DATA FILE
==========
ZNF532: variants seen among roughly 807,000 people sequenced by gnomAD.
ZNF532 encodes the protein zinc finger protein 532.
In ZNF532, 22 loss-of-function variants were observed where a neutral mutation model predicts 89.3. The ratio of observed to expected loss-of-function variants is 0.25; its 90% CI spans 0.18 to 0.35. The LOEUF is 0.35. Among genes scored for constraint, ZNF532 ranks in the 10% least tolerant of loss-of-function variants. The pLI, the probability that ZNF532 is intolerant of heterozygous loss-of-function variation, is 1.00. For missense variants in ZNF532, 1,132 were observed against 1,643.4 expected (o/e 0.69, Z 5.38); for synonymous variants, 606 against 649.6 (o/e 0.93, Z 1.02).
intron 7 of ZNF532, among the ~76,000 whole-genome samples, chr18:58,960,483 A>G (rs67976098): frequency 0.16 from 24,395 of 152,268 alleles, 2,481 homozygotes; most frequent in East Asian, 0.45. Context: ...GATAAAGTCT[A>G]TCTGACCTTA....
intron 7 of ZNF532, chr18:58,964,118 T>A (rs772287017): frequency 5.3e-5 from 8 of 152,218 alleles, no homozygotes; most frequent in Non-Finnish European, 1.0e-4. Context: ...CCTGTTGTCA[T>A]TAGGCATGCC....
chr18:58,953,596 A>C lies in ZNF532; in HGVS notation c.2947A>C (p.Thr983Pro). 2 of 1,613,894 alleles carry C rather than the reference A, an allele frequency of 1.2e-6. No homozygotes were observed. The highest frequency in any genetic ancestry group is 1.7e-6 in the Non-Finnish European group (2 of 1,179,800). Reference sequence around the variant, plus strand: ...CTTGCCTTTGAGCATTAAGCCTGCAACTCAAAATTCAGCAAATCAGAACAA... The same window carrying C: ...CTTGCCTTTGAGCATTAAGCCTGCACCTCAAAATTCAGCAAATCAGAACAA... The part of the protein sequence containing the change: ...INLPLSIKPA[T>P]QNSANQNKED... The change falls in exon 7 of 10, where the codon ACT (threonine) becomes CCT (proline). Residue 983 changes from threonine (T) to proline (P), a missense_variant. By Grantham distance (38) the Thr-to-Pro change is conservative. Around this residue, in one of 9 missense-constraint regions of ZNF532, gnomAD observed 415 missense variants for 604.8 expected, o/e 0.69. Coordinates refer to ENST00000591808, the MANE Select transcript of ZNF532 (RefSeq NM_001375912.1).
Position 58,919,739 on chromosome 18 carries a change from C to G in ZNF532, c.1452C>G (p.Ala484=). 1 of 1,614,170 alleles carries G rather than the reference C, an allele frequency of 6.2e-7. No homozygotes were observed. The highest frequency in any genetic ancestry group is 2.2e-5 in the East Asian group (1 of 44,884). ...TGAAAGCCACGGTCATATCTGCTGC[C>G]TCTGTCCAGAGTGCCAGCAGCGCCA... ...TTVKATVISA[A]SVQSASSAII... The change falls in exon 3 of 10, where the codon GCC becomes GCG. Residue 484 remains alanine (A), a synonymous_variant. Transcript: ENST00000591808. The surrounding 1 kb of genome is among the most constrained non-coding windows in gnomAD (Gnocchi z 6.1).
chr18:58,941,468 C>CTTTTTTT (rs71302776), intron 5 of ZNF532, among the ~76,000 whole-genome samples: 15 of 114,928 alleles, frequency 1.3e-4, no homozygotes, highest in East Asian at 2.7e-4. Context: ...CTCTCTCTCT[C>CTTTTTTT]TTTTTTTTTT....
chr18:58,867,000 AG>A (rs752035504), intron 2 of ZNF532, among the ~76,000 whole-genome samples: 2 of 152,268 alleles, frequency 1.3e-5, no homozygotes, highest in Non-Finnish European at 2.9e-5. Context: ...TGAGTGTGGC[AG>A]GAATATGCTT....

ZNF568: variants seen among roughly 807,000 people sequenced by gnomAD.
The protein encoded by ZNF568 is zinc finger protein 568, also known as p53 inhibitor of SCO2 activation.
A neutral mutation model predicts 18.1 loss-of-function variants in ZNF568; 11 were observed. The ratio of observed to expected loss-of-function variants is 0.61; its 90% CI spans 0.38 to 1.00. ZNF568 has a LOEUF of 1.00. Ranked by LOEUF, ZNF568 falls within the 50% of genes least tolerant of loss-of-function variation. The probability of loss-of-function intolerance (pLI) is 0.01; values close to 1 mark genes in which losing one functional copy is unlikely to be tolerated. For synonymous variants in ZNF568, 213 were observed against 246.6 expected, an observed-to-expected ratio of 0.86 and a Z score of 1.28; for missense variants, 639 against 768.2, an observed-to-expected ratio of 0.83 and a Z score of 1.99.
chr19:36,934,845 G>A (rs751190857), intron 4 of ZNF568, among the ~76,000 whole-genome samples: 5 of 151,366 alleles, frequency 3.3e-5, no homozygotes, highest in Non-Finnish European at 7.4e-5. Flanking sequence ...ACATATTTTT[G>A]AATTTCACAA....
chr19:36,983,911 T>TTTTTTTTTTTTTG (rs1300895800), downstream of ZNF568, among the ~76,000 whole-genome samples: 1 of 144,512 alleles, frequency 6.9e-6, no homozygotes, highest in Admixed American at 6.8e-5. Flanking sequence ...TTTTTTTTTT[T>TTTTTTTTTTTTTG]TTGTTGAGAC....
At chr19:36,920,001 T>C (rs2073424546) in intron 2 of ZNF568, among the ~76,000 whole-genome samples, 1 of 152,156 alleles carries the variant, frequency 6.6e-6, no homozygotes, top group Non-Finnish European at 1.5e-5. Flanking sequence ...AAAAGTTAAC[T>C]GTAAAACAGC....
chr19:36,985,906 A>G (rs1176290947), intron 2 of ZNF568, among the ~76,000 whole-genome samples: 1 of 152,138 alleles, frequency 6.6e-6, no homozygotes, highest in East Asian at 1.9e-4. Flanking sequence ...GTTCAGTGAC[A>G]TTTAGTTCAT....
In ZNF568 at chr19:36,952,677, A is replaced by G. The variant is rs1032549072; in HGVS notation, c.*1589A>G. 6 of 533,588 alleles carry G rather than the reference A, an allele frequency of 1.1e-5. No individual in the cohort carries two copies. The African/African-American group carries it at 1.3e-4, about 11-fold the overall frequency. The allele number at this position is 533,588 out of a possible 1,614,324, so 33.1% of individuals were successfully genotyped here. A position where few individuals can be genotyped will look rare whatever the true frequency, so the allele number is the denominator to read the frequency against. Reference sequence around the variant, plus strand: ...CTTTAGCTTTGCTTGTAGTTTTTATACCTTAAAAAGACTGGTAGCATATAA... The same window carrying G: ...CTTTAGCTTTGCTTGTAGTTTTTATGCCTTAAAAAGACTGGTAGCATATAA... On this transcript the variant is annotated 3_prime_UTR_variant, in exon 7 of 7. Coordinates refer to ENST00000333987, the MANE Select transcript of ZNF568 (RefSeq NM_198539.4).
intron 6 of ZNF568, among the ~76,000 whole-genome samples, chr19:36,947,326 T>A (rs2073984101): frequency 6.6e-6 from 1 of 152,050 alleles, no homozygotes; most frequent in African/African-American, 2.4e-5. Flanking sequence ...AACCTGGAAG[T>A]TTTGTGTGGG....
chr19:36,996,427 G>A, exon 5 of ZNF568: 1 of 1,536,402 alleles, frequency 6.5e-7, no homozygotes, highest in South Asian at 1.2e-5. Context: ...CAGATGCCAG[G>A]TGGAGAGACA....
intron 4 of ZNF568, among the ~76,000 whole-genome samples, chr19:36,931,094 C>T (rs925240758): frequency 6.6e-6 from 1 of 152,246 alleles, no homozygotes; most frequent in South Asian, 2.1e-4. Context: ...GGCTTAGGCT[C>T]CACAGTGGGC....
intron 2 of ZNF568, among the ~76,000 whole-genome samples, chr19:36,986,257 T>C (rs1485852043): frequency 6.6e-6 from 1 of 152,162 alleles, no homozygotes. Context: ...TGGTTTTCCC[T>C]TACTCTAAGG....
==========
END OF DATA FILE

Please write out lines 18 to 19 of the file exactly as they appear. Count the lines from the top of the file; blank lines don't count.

intron 6 of ZNF568, among the ~76,000 whole-genome samples, chr19:36,947,326 T>A (rs2073984101): frequency 6.6e-6 from 1 of 152,050 alleles, no homozygotes; most frequent in African/African-American, 2.4e-5. Flanking sequence ...AACCTGGAAG[T>A]TTTGTGTGGG....
chr19:36,996,427 G>A, exon 5 of ZNF568: 1 of 1,536,402 alleles, frequency 6.5e-7, no homozygotes, highest in South Asian at 1.2e-5. Context: ...CAGATGCCAG[G>A]TGGAGAGACA....